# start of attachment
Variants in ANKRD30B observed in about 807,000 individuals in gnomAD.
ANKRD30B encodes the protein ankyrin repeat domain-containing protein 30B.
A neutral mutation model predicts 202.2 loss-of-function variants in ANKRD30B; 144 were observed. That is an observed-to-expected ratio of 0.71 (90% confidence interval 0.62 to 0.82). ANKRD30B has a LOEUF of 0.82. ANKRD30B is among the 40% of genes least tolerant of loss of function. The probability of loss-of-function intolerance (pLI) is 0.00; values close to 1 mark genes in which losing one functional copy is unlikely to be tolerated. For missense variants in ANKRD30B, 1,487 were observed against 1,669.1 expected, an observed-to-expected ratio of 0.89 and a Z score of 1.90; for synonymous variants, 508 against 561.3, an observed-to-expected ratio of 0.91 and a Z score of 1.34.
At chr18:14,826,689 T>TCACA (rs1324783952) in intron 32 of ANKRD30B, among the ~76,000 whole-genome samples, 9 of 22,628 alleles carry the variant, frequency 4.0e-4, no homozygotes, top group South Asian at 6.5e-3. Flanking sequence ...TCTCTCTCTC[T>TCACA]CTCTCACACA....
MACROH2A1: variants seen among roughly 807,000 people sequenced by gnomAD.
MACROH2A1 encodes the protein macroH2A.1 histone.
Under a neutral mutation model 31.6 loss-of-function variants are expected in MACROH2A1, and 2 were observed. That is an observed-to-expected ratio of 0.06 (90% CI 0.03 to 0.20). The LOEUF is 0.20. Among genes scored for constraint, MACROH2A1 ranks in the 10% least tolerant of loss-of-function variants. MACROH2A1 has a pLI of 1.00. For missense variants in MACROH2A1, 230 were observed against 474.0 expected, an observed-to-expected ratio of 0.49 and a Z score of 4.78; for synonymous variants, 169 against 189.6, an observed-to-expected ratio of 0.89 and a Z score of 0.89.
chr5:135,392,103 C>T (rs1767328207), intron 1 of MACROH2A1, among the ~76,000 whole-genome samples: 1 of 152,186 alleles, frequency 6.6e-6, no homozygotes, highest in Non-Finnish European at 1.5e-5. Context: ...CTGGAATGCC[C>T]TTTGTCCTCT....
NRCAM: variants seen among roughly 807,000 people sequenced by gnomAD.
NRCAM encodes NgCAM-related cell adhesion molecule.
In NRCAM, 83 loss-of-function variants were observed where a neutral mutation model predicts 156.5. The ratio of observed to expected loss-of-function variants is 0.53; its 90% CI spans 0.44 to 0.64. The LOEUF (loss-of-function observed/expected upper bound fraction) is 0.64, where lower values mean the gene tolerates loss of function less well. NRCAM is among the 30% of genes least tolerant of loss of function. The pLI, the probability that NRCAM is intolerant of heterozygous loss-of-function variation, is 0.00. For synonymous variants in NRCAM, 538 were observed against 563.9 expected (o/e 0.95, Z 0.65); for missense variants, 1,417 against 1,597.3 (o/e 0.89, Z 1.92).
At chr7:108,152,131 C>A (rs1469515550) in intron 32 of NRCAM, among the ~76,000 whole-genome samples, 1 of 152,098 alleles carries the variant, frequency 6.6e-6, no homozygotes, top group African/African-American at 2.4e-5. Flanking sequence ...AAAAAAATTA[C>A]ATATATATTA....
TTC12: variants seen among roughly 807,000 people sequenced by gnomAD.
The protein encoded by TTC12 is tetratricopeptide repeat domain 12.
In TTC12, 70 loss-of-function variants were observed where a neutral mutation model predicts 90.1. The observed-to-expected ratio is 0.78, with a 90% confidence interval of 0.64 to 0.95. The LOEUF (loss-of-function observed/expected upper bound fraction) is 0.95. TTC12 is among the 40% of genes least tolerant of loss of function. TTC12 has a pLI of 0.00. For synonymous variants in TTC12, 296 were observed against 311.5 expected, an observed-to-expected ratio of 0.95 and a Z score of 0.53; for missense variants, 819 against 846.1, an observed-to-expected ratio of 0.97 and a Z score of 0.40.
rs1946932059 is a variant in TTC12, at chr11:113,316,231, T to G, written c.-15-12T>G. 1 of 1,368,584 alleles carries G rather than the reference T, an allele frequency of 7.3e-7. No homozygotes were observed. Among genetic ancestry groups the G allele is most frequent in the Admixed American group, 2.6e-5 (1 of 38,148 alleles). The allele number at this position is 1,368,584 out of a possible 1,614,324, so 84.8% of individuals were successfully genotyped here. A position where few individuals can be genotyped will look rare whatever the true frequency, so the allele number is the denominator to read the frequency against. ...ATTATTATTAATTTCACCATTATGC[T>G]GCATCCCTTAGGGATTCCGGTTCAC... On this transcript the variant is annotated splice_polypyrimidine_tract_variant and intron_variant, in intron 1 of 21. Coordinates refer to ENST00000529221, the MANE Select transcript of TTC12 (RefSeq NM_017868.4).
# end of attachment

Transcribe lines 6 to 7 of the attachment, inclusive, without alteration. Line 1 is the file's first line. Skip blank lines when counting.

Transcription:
MACROH2A1 encodes the protein macroH2A.1 histone.
Under a neutral mutation model 31.6 loss-of-function variants are expected in MACROH2A1, and 2 were observed. That is an observed-to-expected ratio of 0.06 (90% CI 0.03 to 0.20). The LOEUF is 0.20. Among genes scored for constraint, MACROH2A1 ranks in the 10% least tolerant of loss-of-function variants. MACROH2A1 has a pLI of 1.00. For missense variants in MACROH2A1, 230 were observed against 474.0 expected, an observed-to-expected ratio of 0.49 and a Z score of 4.78; for synonymous variants, 169 against 189.6, an observed-to-expected ratio of 0.89 and a Z score of 0.89.